Last week I had such a case. The developer estimated just one week of work. And after a complete planning, we saw several months' effort. The developer estimated the time for implementation and forgot to estimate documentation, security concept, data protection issues, alignment with workers councils, reviews, project management efforts, deployment, etc.

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Mainstream Development Paradigms

The discussion what is the best programming language has a religious character, it's more a question of belief. I don't like to preach my personal belief about the best languages here, but one thing is important: "Learn more programming languages, at least one for each mainstream development paradigms."
  • procedural programming languages (C, COBOL, PL/I, FORTAN, etc.)
  • object-oriented programming languages (Smalltalk, Java, C++, etc.)
  • functional  programming languages (Erlang, Clojure, F#, etc.)
  • declarative programming languages(SQL, XSLT, Regular Expressions, etc.)
It's a good idea to know at least one multi-paradigm programming languages like Python, Java, C++ or C#. You find many lists of programming languages by type or other categories in the web [2]. 

Dependent of your industry, personal preferences and daily tasks you should select your individual top 1o list of programming languages. Learn them and try to use at least 3 of them on a regular base. The old saying "If your only tool is a hammer, all your problems will look like nails" is particularly true for development paradigms.

Basics about Software Security

Even if you are able to develop software with the right functionality and performance, it is not guaranteed that your software is also secure. In the last years security got more and more important and in future this topic will be extremely important.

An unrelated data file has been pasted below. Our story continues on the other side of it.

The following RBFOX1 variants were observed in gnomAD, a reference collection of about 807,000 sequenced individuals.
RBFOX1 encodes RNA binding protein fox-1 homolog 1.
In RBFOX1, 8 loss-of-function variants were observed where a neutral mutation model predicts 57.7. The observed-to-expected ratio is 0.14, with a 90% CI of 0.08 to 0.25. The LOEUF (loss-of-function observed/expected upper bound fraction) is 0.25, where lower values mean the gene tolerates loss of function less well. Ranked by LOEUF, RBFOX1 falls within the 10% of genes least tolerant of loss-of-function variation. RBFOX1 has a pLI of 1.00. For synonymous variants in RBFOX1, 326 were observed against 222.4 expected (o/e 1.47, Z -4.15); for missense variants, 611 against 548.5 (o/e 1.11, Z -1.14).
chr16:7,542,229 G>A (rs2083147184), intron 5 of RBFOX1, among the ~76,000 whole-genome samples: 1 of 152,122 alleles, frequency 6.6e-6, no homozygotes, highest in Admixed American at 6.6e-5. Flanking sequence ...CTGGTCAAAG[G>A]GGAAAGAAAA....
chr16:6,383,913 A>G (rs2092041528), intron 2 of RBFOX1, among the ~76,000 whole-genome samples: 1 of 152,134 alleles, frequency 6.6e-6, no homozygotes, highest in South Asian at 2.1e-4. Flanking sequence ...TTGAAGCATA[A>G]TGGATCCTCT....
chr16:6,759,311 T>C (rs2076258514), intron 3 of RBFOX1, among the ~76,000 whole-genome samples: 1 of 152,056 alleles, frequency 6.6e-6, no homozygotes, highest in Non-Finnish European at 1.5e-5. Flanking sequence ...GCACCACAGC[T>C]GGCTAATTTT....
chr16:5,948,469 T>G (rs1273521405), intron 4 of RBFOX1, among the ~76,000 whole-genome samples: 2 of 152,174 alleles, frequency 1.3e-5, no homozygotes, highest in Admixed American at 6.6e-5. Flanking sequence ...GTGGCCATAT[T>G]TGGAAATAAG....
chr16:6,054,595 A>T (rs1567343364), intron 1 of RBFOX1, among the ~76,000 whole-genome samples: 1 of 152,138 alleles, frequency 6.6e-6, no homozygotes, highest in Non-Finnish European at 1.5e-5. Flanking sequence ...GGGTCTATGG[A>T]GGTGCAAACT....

A good entry in this topic may be the OWASP - The Open Web Application Security Project. 'The Open Web Application Security Project (OWASP) is a worldwide not-for-profit charitable organization focused on improving the security of software. Our mission is to make software security visible, so that individuals and organizations worldwide can make informed decisions about true software security risks.' [6]

It includes a ranked list of the most common and dangerous Application Security Risks.

Know your Development Tools

There are a large number of tools specializing in different disciplines like: requirements management, software & database design, software configuration management, build & deploy, continuous integration, development, debugging, profiling, code analysis or testing. 

It should be mentioned that specialist from infrastructure/operations have also toolboxes with interesting capabilities, e.g. network monitoring, network analysis, operation system analytic, penetration testing, log file analysis, database performance tuning.

A software engineer can't know all tools in detail, but he/she should know the key concepts and underlying technologies. Knowing the right tool and how to use can increase the productivity and quality. Spend some time to learn about tools. 

Don't Trust Code without Adequate Test

Ten years ago, I trusted my code. Why not? After 8 years C++ with excellent skills and a lot of experiences, I just coded, tested and everything was working well. But over the years I made and saw a lot of errors. Because of these errors, I lost the trust in my own and others code. 

Today, I don't trust code until it passed:
  • unit test, 
  • integration & system tests, 
  • checks of performance and memory with real world data (see Big-O), 
  • static code analysis,
  • measure code coverage of test, 
  • load & stress tests and
  • peer review.
This sounds over engineered, but you have to spend the time either during development or during maintenance. I favor to do the work once with good quality and not to spend my time with troubleshooting.

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Key Metrics of Software Development

Know what happens in your software, process, team and your own work. It is very difficult to control something what you can't count. I encourage you to have question and try to find a real world measure as answer. Then you can have target values, do your work and find out if it worked out. Important is the word "real world measure". 

In software engineering we find a lot of obscure measures and/or derived metrics. E.g. the so called 
maintainability index (MI) [4]:

MI = 171 - 5.2 x ln(avgHV) - 0.23 x avgCC(g‘) – 16.2 x ln (avgLOC) + 50 x sin (sqrt(2.4 x perCM)) 

where HV is the Halstead Volume, CC is the Cyclomatic Complexity, LOC is the lines of code and perCM is the percentage of comment lines. This is not what I call a real world measure and I don't understand this.